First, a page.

ciation celebrated diversity from many different countries. Students were encouraged to wear the cultural dress from where they are from or that represented their heritage. Berk has been the dean for eight years, he said. “They are building up a very nice endowment,” Berk said. The event consisted of a dinner, silent auction, photo booth and entertainment performance, according to the release. “We’re going to keep trying to make it bigger and better,” Valdez said. This medical association, Berk said, is one of the oldest and diverse medical school organizations promoting diversity, community service and scholar-

ships. “Student National Medical Association,” Berk said, “has gotten larger and larger at the School of Medicine.” The organization also participates in many different activities, according to the release. The organization mentors high school students, organizes a community health fair, works with the undergraduate community and helps improve medical school curriculum and admissions. Membership of this organization, according to the release, includes more than 8,000 premedical and medical students, residents and physicians nationally. ➤➤jpeña@dailytoreador.com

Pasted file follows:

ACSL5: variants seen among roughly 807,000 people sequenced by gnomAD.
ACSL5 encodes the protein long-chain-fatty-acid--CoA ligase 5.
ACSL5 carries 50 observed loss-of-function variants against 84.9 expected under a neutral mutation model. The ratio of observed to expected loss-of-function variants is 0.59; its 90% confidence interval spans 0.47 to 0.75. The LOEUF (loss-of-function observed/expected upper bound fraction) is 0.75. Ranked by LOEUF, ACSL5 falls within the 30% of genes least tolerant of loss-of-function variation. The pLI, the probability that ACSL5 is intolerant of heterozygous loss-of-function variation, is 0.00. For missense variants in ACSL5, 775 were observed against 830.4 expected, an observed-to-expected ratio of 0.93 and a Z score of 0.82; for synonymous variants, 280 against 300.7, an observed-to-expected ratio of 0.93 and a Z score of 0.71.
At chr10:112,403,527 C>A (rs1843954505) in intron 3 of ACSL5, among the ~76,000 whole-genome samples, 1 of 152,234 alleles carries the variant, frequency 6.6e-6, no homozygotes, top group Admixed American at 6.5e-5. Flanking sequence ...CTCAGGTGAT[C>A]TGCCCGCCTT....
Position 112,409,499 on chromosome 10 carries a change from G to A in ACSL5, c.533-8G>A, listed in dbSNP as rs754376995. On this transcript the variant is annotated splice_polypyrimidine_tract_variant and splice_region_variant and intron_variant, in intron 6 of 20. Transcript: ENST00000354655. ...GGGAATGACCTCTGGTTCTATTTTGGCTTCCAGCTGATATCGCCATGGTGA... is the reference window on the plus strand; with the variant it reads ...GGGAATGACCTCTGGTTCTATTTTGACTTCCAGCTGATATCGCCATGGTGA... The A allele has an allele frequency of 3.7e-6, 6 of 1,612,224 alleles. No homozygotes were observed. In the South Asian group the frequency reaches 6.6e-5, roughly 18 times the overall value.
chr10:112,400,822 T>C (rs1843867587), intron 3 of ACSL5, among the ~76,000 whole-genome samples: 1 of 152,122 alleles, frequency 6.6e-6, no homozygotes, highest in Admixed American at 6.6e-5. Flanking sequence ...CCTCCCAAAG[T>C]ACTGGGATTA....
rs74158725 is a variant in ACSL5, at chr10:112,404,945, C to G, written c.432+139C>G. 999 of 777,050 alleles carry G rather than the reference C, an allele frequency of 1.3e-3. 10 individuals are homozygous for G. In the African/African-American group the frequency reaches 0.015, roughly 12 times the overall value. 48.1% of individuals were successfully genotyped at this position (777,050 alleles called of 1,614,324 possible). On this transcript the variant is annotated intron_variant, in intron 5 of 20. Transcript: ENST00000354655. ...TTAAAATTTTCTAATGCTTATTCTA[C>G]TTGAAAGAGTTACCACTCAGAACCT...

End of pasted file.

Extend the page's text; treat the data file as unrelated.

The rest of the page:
West Texas couple and child S. Texas county faces juvenile jail overcrowding found, baby missing EDINBURG (AP) — A South Texas county that is the poorest in the nation and faces a booming population of young people is struggling with overcrowding at its juvenile jail facility. Most recently on Halloween, children at Hidalgo County’s juvenile jail again slept on the floor after the detention center exceeded its 96 beds, the McAllen Monitor reported Saturday. The $16.7 million, 137,000-squarefoot Judge Mario E. Ramirez Jr. Juvenile Justice Center opened in December 2007, replacing a previous facility that had 28 beds and also had overcrowding problems. But with a rapidly growing, relatively young population, the county has quickly outgrown the new facility. On Halloween, 110 juvenile offenders were housed at the center, and workers could only find 12 extra mattresses for them, the newspaper reported. Two of the inmates were given blankets to sleep on the concrete floor. “Who would figure we would need more than 12 mattresses?” Eddie Martinez, the jail’s facility administrator, told the newspaper. The Texas Administrative Code forbids the center from holding more than 96 juveniles. Repeat violations could lead to sanctions and cuts in funding. But District Court Judge Jesse Contreras said the alternative, releasing the offenders back out into the community, would be worse. He said the center must take inmates, even